Jones and Bryan Clauson could pull off a USAC Triple Crown this season for TSR, as Jones leads the National Sprint Car standings over Clauson and Clauson is 98 points ahead of Jerry Coons Jr. in the National Midget standings. Clauson and Jones are 1-2, respectively, in the USAC National Drivers Championship.
Not a bad year for Smoke’s outfit.
Formula One is headed to the maiden Korean Grand Prix, and veteran journalist Joe Saward is bucking the trend in the F1 press corps by showing excitement over the trip.
Hopefully Joe also will be happy to travel to Russia in 2014, as that nation will play host to a Berniefest starting in 2014. The blueprint for that event is excruciatingly familiar: Bernie Ecclestone is bringing the “pinnacle of motorsport” to a nation with almost no racing history or infrastructure but a government — this one funded by petrorubles — that is more than happy to pay his extortion sums of up to $50 million per year in sanctioning fees.
Bernie’s pet designer, Hermann Tilke, will sketch out an incredibly boring new track featuring medium-speed corners pockmarked with chicanes and two long straightaways followed by hairpins that form the only overtaking areas on the track. The construction of the circuit will be marred by delays, union or government bickering and accusations of corruption. Finally, the crowd will be disappointingly sparse due to race weekend ticket prices equaling a month’s wages for the average local worker.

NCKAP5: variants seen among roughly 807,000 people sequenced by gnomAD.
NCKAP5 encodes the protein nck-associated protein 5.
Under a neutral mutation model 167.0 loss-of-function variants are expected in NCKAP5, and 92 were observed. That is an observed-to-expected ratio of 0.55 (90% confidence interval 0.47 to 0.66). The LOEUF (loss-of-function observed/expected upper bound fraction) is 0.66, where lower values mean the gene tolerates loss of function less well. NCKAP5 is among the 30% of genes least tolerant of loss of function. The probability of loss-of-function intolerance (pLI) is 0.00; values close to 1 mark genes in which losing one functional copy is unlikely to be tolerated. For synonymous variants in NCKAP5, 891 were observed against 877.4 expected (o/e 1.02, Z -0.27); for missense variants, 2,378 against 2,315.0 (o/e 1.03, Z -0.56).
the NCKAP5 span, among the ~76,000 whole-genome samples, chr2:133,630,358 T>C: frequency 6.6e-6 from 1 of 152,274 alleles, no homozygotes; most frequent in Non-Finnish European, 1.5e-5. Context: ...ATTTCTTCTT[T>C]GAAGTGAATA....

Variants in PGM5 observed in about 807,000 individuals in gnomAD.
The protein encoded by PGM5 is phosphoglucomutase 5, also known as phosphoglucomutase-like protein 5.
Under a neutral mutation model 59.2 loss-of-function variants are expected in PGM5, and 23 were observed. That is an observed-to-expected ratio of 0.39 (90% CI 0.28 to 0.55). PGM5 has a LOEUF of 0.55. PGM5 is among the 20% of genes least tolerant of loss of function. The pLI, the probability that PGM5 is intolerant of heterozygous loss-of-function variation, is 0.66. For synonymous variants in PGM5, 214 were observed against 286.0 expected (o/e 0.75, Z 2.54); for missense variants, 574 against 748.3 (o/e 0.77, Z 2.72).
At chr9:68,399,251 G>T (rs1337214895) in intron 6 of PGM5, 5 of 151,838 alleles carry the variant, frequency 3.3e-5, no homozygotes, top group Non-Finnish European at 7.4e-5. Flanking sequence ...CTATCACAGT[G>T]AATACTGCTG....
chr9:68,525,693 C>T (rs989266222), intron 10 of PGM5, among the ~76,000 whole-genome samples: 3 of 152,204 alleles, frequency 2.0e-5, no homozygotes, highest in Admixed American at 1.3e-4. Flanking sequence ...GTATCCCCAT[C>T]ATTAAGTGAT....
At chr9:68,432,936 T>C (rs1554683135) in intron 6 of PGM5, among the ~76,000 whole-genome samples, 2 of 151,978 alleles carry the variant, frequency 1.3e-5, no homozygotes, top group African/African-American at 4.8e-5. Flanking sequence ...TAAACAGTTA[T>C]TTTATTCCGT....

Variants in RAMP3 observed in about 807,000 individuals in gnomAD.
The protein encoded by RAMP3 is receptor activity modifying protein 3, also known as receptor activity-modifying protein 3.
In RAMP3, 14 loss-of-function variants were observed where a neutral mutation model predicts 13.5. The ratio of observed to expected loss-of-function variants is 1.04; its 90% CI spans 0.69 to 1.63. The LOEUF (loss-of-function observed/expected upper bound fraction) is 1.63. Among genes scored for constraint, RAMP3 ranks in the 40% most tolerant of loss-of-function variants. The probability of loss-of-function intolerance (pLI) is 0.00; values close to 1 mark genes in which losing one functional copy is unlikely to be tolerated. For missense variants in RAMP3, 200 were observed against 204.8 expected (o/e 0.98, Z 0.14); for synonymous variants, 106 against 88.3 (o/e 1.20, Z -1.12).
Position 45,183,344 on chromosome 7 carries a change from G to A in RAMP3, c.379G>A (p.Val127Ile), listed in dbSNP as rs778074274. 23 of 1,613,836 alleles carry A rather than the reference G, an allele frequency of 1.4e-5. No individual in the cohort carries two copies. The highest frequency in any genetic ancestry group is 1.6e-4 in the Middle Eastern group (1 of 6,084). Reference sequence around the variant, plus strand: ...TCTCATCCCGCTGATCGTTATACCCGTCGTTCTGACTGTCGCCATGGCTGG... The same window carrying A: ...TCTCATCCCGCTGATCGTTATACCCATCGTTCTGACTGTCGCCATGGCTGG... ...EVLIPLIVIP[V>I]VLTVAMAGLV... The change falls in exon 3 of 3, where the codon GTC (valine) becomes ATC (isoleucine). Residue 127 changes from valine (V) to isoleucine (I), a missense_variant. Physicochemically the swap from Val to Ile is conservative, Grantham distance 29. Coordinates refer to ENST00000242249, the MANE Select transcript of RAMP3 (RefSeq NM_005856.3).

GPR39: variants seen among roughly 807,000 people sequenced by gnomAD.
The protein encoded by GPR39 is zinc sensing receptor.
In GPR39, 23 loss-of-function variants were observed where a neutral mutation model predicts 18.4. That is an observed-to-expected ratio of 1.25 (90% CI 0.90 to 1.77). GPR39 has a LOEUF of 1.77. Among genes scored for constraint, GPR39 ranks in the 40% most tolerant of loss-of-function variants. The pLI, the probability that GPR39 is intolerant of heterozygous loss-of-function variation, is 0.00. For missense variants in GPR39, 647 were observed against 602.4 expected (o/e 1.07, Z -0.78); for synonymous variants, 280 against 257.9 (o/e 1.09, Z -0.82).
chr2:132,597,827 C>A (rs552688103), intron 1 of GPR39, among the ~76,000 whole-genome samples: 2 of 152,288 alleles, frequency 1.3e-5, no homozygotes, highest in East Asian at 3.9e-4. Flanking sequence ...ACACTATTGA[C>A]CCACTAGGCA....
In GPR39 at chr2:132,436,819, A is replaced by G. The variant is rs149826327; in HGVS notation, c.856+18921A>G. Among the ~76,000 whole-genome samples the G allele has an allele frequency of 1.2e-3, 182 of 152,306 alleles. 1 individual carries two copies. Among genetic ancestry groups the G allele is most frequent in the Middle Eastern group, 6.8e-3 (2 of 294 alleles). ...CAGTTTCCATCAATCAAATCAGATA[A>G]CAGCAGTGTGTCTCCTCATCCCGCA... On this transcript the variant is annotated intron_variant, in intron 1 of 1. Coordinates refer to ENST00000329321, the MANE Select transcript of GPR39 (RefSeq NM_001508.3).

Hasn’t every F1 fan seen this movie?
Will seven-time World Champion Michael Schumacher still be around to race with his F1 comrades in Russia in 2014? Alain Prost hopes not. Prost is less than impressed with the return to F1 this season by fellow legend Schumacher. The reason? Age. Prost believes the endless tick-tock of the clock finally has caught up to Schumi.
There was a significant off-track development last weekend in worldwide motorcycle racing, as Vito Ippolito was re-elected as president of the FIM, the worldwide governing body for motorcycle racing. Ippolito is a strong proponent of allowing production-based engines and machinery compete in MotoGP to boost grid sizes starting in 2012. That will put MotoGP on a collision course with the Superbike World Championship, which uses production-based machines now.
SBK bosses are spitting fire over MotoGP’s proposals, and it appears their arguments won’t go far with the FIM with Ippolito still sitting in the big chair.
Sponsorship and shilling fuels racing, right? So pardon me for this worthy plug of “Gasoline Alley Unplugged” that runs Monday through Friday at the IMS blog. The series features a different historical IMS photo each day, with accompanying audio from IMS Historian Donald Davidson. It’s a magical piece of IMS history mixed with Donald’s astonishing knowledge, insight and gentlemanly charm.
All of the pictures and audio are superb, but I think the Oct. 18 piece on three-time Indianapolis 500 winner Wilbur Shaw is the best so far. As Donald eloquently stated, without Wilbur Shaw, there would be no Indianapolis Motor Speedway today.